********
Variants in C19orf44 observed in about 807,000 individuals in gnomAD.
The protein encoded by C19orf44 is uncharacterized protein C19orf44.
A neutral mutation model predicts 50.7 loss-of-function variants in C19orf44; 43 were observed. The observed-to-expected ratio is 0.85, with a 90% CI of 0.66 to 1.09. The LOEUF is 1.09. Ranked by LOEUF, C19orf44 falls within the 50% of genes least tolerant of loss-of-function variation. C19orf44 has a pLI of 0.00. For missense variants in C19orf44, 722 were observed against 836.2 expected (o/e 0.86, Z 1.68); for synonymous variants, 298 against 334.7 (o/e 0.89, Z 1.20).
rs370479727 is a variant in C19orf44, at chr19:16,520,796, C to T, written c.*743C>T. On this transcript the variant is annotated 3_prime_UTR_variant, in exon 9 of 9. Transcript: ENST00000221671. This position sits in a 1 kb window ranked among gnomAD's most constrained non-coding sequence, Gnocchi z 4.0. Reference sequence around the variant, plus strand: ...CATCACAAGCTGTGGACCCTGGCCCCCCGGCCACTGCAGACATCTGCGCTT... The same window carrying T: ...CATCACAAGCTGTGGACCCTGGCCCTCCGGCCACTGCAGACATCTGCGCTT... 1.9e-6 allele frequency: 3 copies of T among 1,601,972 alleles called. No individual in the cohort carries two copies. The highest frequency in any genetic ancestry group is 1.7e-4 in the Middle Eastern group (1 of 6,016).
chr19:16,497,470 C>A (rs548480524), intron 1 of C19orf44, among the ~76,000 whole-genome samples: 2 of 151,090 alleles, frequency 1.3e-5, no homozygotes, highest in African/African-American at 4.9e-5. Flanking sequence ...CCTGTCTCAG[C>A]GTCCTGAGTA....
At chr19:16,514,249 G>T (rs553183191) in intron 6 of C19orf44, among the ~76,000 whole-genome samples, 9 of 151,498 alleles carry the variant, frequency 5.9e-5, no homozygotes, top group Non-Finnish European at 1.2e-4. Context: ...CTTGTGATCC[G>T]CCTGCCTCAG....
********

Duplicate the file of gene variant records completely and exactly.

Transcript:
Variants in C19orf44 observed in about 807,000 individuals in gnomAD.
The protein encoded by C19orf44 is uncharacterized protein C19orf44.
A neutral mutation model predicts 50.7 loss-of-function variants in C19orf44; 43 were observed. The observed-to-expected ratio is 0.85, with a 90% CI of 0.66 to 1.09. The LOEUF is 1.09. Ranked by LOEUF, C19orf44 falls within the 50% of genes least tolerant of loss-of-function variation. C19orf44 has a pLI of 0.00. For missense variants in C19orf44, 722 were observed against 836.2 expected (o/e 0.86, Z 1.68); for synonymous variants, 298 against 334.7 (o/e 0.89, Z 1.20).
rs370479727 is a variant in C19orf44, at chr19:16,520,796, C to T, written c.*743C>T. On this transcript the variant is annotated 3_prime_UTR_variant, in exon 9 of 9. Transcript: ENST00000221671. This position sits in a 1 kb window ranked among gnomAD's most constrained non-coding sequence, Gnocchi z 4.0. Reference sequence around the variant, plus strand: ...CATCACAAGCTGTGGACCCTGGCCCCCCGGCCACTGCAGACATCTGCGCTT... The same window carrying T: ...CATCACAAGCTGTGGACCCTGGCCCTCCGGCCACTGCAGACATCTGCGCTT... 1.9e-6 allele frequency: 3 copies of T among 1,601,972 alleles called. No individual in the cohort carries two copies. The highest frequency in any genetic ancestry group is 1.7e-4 in the Middle Eastern group (1 of 6,016).
chr19:16,497,470 C>A (rs548480524), intron 1 of C19orf44, among the ~76,000 whole-genome samples: 2 of 151,090 alleles, frequency 1.3e-5, no homozygotes, highest in African/African-American at 4.9e-5. Flanking sequence ...CCTGTCTCAG[C>A]GTCCTGAGTA....
At chr19:16,514,249 G>T (rs553183191) in intron 6 of C19orf44, among the ~76,000 whole-genome samples, 9 of 151,498 alleles carry the variant, frequency 5.9e-5, no homozygotes, top group Non-Finnish European at 1.2e-4. Context: ...CTTGTGATCC[G>T]CCTGCCTCAG....